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Episode 2: What You Can’t Tell From Your Couch
There are so many colourful goings-ons behind-the-scenes that I feel like everything would be two dimensional if I didn’t share a few snapshots with you about each episode.
Episode 2 starts with us visiting the Tokai Earth Fair Market, who very made us very welcome while we moseyed around and bought delicious bounty like chorizo and freshly pressed olive oil. It then finds me back home, and feeding some of the simplest but most lovely food of the series to some of my favourite people. It’s also the first time I’m joined in the kitchen by anybody other than Rob (who happens to be away) and which resulted in a few off-camera hysterics and more than enough on-camera not-always-witty banter.
In the kitchen you’ll meet Rita, who you already met in Episode 1, who helps me with the chicken skewers even though she’s a vegetarian (what a rockstar), and Jenks, who gallantly basted our lamb chops with the rosemary basting brush for what seemed like 2 hours while we worked our way through various takes. Jenks and I were at school together back in the sleepy little town of Gweru in Zimbabwe, and we’re old friends.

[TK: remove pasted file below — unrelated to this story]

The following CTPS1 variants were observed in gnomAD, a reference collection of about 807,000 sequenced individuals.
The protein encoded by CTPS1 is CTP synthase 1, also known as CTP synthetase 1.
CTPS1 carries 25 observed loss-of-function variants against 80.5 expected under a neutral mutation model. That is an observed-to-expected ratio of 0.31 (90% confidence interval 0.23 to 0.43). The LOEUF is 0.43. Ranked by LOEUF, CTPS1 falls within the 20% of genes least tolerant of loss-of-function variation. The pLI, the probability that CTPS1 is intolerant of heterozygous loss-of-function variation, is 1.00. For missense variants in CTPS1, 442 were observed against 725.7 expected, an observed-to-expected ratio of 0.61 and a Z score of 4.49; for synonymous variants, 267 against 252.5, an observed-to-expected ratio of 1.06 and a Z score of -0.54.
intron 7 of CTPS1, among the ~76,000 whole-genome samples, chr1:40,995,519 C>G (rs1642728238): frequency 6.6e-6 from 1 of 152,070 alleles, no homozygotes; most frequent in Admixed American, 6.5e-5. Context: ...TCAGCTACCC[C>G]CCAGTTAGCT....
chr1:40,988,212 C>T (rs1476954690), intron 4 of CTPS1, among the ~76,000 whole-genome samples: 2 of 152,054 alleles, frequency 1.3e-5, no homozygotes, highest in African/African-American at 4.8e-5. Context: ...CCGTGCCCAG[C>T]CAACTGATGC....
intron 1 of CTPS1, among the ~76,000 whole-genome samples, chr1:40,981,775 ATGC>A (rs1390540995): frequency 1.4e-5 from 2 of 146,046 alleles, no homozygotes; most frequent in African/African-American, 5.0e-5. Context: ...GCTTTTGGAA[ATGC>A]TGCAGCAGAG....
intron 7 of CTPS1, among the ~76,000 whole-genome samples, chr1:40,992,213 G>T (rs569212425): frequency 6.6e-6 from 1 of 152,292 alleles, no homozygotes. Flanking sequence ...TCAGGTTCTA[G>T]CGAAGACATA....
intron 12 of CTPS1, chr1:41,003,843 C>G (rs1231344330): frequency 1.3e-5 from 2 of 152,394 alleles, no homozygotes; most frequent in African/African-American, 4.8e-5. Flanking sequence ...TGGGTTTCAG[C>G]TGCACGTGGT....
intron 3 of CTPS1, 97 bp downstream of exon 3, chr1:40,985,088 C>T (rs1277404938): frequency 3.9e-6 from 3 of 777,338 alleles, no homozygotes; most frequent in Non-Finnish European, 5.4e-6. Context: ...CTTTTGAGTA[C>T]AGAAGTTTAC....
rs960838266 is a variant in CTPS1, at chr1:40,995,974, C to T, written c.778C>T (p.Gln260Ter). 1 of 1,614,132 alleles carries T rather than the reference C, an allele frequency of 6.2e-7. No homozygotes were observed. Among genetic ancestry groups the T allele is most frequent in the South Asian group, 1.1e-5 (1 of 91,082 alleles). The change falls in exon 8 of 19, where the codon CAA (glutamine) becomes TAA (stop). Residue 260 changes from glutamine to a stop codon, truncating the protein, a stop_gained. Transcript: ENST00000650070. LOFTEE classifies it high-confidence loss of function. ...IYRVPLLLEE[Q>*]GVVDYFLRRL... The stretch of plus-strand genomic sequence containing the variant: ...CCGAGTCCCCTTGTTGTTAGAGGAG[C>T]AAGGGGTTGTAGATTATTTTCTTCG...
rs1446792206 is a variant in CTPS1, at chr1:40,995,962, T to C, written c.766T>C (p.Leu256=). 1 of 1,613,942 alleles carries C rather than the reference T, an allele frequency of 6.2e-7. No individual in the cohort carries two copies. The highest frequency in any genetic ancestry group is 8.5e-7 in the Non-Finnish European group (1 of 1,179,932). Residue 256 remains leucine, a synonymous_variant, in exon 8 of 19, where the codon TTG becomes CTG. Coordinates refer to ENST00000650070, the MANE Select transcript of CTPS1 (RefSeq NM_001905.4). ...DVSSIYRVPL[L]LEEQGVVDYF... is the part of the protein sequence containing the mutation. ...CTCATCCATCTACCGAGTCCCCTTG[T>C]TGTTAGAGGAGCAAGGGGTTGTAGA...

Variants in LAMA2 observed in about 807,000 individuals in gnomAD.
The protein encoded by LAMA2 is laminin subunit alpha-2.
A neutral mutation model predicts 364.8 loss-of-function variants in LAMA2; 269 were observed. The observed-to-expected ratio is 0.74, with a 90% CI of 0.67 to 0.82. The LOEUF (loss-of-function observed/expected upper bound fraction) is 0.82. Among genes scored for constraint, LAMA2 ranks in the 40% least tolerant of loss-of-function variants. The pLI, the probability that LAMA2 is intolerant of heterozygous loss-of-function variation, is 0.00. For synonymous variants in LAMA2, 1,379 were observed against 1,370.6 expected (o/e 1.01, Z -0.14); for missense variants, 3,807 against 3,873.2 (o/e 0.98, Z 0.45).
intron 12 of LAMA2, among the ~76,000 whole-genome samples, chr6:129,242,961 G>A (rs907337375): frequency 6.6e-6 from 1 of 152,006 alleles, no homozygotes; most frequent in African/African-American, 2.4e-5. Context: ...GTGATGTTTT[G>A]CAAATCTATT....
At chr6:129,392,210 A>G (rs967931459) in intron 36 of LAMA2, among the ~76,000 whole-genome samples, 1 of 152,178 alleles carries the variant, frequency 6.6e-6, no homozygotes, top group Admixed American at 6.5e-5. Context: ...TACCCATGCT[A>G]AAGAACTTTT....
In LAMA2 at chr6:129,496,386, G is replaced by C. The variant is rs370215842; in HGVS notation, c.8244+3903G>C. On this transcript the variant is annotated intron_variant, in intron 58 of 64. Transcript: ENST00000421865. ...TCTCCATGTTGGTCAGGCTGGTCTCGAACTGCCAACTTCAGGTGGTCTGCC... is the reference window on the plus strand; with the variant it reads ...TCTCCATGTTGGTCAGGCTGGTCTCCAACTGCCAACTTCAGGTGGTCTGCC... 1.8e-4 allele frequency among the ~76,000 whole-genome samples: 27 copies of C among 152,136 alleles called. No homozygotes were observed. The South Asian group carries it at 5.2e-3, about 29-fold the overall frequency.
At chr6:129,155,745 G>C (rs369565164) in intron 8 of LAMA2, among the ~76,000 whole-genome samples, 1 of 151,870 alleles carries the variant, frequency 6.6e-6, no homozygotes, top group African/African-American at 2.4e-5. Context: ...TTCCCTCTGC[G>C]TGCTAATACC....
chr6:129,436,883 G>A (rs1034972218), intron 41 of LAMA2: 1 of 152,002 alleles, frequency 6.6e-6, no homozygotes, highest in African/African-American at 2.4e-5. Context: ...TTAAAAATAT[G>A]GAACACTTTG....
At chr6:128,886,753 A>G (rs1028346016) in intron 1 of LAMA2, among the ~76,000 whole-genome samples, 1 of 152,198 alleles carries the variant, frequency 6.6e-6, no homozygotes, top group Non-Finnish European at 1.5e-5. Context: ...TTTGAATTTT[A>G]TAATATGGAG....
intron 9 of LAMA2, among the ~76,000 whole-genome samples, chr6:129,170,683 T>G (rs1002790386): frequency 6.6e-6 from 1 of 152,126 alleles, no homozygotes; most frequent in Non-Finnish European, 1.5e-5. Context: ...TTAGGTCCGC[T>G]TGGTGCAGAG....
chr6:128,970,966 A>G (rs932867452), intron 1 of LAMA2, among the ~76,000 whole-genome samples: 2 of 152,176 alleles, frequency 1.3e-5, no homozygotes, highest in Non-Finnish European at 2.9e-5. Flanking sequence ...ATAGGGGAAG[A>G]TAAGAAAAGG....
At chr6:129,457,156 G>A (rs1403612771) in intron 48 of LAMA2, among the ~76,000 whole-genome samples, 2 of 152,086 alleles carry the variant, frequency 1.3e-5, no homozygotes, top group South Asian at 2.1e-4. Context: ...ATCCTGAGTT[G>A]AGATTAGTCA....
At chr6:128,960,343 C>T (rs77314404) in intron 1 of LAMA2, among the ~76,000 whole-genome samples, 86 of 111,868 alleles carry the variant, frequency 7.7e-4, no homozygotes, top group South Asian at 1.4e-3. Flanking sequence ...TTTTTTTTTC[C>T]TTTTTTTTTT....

You’ll also meet the Traffords, who are British friends of ours and Noordhoek imports, the Princes who are amazing American missionary friends of ours, and a whole happy gang of gorgeous kiddies (Thandie, Tommy, Kieren and of course Sophie).
In my kitchen you will also see some of the most beautiful crockery known to man (including one of my favourite mugs), and it comes from The Pause Room in Cape Town. Michelle was amazing at sourcing beautiful bitten-esque pieces for us and they were all well-loved.
Because each episode is filmed over two days, that meant we usually filmed all the non-guest interactions and cooking parts on day 1, and then towards the end of day 2 the guests would start arriving, watch a bit from behind camera, do their bits on camera under the very capable guidance of our (astonishingly amazing) director Chris Lotz, and then we’d end up with a very jolly and very real feast, tucking into all the food. It was ridiculously fun.